the renaissance period - .the renaissance period the renaissance, which literally means...

Download The Renaissance Period - .The Renaissance Period The Renaissance, which literally means “rebirth”

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  • The Renaissance Period The Renaissance, which literally means rebirth in French, saw movement and change in many different spheres of cultural activity as Europe began to rediscover and identify with its Greco-Roman heritage. The natural sciences (in

    particular astronomy) began advancing at a rapid pace, and some philosophers began to discuss secular humanism as a valid system. The discovery of the American continents by European navigators resulted in the first widespread speculations of international law and began a crisis of consci ence over human rights that would haunt the West for centuries to come. In particular, however, the Renaissance is remembered for a great a flourishing of the Arts. Secular instrumental music (for early instruments like shawms, crumhorns, and sackbuts) became increasingly popular during this period and composers began to write it down for the first time. The polyphonic madrigal became very popular in England thanks to composers like John Dowland and William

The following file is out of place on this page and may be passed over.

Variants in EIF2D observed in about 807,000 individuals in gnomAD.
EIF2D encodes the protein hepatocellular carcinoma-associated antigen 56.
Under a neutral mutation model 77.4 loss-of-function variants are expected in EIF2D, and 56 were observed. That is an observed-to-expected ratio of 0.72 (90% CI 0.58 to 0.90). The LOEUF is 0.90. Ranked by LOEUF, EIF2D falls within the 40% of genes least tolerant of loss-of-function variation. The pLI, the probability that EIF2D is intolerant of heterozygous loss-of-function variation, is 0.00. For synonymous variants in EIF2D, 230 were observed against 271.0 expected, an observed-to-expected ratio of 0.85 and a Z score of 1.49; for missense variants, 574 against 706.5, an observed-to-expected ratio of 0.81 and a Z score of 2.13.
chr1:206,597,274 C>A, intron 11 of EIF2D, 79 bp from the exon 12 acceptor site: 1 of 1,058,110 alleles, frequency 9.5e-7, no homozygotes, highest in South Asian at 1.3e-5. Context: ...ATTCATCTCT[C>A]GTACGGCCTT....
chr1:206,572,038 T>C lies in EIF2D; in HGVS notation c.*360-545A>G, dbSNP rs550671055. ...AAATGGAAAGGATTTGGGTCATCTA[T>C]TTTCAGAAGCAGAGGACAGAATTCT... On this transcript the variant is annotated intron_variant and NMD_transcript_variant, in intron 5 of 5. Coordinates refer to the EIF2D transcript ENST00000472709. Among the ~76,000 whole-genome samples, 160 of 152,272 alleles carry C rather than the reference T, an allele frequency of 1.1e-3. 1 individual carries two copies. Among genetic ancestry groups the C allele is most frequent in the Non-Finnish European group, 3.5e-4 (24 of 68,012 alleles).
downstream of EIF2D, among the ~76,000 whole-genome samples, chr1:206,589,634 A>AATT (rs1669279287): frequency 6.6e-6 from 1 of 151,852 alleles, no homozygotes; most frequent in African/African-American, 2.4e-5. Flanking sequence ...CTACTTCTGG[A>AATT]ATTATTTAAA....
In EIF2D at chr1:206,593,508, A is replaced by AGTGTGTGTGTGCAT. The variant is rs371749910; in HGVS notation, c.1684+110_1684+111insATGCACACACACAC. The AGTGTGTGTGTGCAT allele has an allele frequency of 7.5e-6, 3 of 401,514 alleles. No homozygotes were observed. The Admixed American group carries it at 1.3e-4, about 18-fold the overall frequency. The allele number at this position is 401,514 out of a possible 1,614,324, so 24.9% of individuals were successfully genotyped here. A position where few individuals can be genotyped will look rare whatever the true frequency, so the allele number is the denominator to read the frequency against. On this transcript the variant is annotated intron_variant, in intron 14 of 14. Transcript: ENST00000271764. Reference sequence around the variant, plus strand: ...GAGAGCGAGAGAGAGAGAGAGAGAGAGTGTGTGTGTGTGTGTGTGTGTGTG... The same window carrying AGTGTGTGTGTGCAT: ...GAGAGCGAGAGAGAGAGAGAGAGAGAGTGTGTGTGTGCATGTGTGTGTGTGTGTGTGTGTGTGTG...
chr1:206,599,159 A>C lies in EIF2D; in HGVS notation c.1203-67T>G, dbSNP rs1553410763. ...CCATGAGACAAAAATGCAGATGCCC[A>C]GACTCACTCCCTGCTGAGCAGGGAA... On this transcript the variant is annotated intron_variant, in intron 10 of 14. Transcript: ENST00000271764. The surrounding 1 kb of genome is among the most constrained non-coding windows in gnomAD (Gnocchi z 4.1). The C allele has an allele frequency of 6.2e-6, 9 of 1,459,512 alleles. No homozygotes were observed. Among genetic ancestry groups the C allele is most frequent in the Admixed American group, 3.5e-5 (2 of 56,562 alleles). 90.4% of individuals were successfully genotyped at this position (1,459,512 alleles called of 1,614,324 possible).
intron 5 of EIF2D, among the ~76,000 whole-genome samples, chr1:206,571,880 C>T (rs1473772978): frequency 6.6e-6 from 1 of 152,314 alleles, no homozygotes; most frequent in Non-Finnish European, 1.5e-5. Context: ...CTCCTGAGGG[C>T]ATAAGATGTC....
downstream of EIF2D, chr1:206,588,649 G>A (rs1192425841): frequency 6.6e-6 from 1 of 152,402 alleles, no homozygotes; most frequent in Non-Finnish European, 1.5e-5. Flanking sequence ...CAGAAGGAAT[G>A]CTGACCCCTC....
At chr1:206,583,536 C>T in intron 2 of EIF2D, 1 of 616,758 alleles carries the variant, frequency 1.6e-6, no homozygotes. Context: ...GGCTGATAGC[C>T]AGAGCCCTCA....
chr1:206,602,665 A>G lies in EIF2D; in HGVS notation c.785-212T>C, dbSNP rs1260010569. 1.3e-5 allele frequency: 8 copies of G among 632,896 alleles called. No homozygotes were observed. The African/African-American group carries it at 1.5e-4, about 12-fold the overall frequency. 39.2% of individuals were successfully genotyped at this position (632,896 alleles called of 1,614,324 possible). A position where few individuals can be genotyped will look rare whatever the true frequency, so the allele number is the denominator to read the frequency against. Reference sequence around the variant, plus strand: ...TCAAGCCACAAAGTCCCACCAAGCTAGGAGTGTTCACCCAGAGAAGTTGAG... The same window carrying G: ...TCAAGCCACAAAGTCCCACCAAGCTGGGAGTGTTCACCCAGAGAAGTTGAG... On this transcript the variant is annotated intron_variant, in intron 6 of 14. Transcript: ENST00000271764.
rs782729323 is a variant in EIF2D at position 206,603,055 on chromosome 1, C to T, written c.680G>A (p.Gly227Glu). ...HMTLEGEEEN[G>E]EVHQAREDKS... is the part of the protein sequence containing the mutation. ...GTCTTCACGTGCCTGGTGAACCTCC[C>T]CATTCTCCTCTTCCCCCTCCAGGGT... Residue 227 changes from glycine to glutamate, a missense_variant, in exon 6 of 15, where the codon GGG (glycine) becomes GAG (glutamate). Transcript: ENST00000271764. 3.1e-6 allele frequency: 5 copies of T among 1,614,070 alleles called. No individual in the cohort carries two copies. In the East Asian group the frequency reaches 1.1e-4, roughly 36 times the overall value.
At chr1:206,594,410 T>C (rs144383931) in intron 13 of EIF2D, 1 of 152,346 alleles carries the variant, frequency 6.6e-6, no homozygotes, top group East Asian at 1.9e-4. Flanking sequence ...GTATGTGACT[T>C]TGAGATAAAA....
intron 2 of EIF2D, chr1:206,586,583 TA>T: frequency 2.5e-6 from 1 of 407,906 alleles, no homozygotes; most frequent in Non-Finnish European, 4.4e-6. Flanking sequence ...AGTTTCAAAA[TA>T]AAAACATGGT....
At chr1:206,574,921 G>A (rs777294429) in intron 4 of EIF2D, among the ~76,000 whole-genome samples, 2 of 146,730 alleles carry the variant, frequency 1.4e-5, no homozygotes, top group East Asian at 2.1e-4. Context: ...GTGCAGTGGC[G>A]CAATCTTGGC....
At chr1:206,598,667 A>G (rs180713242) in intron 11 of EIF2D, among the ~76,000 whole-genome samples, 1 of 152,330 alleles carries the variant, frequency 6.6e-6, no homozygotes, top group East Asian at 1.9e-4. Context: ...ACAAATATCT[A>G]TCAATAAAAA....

Byrd. The motet, a three-part polyphonic composition written for voices or instruments, became popular around this time as well. Despite the increase in secularism, it was still within a religious context that the Renaissance arts truly thrived. Renaissance popes (corrupt as they were) were great patrons of such artists as Michelangelo, Raphael, and Gianlorenzo Bernini. Composers of church music expanded polyphony to six, eight, or even ten interwoven parts. The masses of Giovanni Pierluigi da Palestrina, Toms Luis de Victoria, and Orlando di Lasso in particular remain some of the most beautiful music ever composed. This polyphonic style was also used by the French composer Josquin des Prez, who wrote both sacred and secular music.

    The Renaissance Period at a Glance

    New Genres New Techniques New Media Composers Madrigals, motets, polyphonic masses

    Polyphonic techniques expanded for up to ten simultaneous parts.

    Choirs were expanded to include women. Composers began to write down music for early instruments.

    John Dowland, William Byrd, Palestrina, Victoria, Di Lasso, Des Prez

    Important Terms Madrigal a usually upbeat polyphonic composition for vocal ensemble from England Motet a three-part polyphonic piece for voices or instruments, can be sacred or secular Mass the central worship service in most Christian churches; musically, a suite consisting of five movements called the Kyrie, Gloria, Credo, Sanctus, and Agnus Dei (named after the first words of the text for each movement)

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